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Dingo: A Microframework for Building Conversational AI Agentsby@irynakondr
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1,286 reads

Dingo: A Microframework for Building Conversational AI Agents

by Iryna KondrashchenkoAugust 27th, 2023
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The Agent Dingo library simplifies the integration of external functions into Large Language Models (LLMs) like ChatGPT. Agents are mechanisms that enable LLMs to use external functions based on user input. Previous integration required careful prompts and parsing. GPT's latest version introduces function-calling capabilities with a fixed structure for function description. Agent Dingo further streamlines the process by enabling function integration using just one line of code. It provides a clear structure for functions, automatic docstring generation, and the ability to serve agents on OpenAI-compatible web servers. This library minimizes the overhead and complexity of integrating functions into LLMs, allowing developers to focus on core functionality.
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Recent advancements in Large Language Models led to the emergence of AI Agents. In plain terms, an agent is a mechanism that equips LLMs with a set of external tools (functions). These tools can be invoked by the model (once or multiple times in a row) based on the user’s input.


Originally, in order to integrate a function into an LLM, it was needed to carefully construct the prompt in order to describe the function. Additionally, the output had to be parsed to detect whether the model intended to use this function.


The latest release of GPT introduced function-calling capabilities that simplify the process of integrating the functions. First of all, it defines a clear and fixed structure for describing the functions. Moreover, the models themselves have been further fine-tuned to both detect when a function should be called (based on the input) and to respond with JSON that adheres to the function signature. However, despite these improvements, the integration process still remains tedious and requires a lot of overhead.


In this article, we will explore how to build a simple conversational AI agent using the Agent Dingo library.


The key feature of Dingo is that it allows the integration of external functions into ChatGPT by adding just a single line of code. In addition, it serves the agent with the required capabilities on an OpenAI-compatible web server.


Quick Start

To give a quick glimpse into the core functionality of Dingo, we will build a simple agent that is able to provide information about the current weather by querying the OpenWeather API.


As the first step, the library has to be installed.

pip install agent-dingo


Next, we need to set the OpenAI API key.

export OPENAI_API_KEY=<YOUR_KEY>


Then, our Dingo agent can be instantiated as follows:

from agent_dingo import AgentDingo

agent = AgentDingo()


Let’s say that for getting the current weather via OpenWeather API we have a get_temperature function. In order to integrate it into ChatGPT we need to add a single line of code — the decorator @agent.function.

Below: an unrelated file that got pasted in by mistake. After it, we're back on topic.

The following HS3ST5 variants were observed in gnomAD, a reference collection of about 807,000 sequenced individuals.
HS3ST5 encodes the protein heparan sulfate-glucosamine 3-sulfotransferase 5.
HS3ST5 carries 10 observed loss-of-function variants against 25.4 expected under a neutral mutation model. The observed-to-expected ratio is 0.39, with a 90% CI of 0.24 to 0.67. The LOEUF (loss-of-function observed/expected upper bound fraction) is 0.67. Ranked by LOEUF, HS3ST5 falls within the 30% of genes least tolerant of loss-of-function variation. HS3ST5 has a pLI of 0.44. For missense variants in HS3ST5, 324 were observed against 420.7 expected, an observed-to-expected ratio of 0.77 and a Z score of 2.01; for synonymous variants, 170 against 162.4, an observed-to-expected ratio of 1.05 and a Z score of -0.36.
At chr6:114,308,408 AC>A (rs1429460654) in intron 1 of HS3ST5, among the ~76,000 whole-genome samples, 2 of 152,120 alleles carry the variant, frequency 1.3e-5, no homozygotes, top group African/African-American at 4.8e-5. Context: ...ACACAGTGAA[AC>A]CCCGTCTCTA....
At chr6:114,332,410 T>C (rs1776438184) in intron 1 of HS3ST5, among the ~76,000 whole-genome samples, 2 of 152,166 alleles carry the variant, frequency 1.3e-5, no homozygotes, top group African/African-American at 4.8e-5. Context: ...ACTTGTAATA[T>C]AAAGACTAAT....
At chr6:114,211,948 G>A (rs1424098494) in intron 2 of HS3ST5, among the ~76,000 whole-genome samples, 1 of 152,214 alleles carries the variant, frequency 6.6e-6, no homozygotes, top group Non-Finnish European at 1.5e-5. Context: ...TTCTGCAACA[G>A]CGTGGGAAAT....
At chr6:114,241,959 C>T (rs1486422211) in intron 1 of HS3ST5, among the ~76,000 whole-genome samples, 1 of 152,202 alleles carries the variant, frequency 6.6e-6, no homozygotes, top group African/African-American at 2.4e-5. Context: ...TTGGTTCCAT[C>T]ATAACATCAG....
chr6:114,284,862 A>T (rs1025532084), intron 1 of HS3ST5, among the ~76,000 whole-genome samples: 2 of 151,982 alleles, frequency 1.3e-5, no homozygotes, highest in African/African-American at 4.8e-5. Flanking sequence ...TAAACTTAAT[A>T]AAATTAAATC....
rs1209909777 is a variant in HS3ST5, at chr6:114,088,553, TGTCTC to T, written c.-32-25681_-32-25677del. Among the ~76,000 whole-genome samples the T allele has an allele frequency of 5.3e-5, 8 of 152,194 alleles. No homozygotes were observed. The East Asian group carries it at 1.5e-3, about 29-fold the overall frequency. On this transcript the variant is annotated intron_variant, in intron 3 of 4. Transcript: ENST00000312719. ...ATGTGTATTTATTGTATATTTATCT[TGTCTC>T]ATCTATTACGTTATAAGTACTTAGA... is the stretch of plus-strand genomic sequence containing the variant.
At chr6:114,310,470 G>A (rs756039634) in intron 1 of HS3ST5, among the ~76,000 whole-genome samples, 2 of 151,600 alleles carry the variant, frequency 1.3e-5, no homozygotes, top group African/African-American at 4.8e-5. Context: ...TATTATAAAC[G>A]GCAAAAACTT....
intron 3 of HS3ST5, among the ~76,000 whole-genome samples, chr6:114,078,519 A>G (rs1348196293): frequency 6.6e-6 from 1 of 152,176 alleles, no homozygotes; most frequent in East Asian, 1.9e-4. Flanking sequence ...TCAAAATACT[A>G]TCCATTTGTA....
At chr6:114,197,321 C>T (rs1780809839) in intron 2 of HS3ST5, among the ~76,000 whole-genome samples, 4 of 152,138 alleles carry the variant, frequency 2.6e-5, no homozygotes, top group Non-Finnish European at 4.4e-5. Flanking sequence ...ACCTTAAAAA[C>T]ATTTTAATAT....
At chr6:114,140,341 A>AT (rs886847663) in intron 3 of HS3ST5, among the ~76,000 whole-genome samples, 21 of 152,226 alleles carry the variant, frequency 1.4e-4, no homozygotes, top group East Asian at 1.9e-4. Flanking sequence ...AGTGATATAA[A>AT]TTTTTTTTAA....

@agent.function
def get_temperature(city: str) -> str:
    base_url = "https://api.openweathermap.org/data/2.5/weather"
    params = {"q": city, "appid": openweathermap_api_key, "units": "metric"}
    response = requests.get(base_url, params=params)
    data = response.json()
    print("get_temperature function output :", data["main"])
    return str(data)


To get the output we need to call thechat method.

agent.chat("What is the current weather in Linz?")


As you can see the process of function integration is very intuitive and simple. Behind the scenes, we are asking ChatGPT for the current weather in Linz. The model has access to the function (get_temperature) that was integrated by using agent.function decorator. The model decides to call get_temperature function and passes city Linz as an argument. The response is parsed and we receive the following output.

The current temperature in Linz is 30°C.


As you might have noticed, we did not have to provide any descriptions of the function. This is achieved by the automatic docstring generation during the registration process (when agent.function decorator is called).


In addition, it is possible to serve the agent on an OpenAI-compatible web server:

from agent_dingo.wrapper import DingoWrapper
DingoWrapper(agent).serve()


The server can be accessed using the openai python package:

import openai

openai.api_base = "http://localhost:8080"

r = openai.ChatCompletion.create(
    model = "gpt-3.5-turbo",
    messages = [{"role": "user", "content": "What is the current weather in Linz?"}],
    temperature=0.0,
)


Conclusion

In this article, we explored how Agent Dingo streamlines the process of integrating Python functions into ChatGPT in order to build a conversational AI agent. With Dingo, you no longer have to worry about manually integrating the functions or dealing with intermediate function calls. The framework is crafted to automate these tasks, allowing you to focus on writing the core functionality of your app.


Also published here.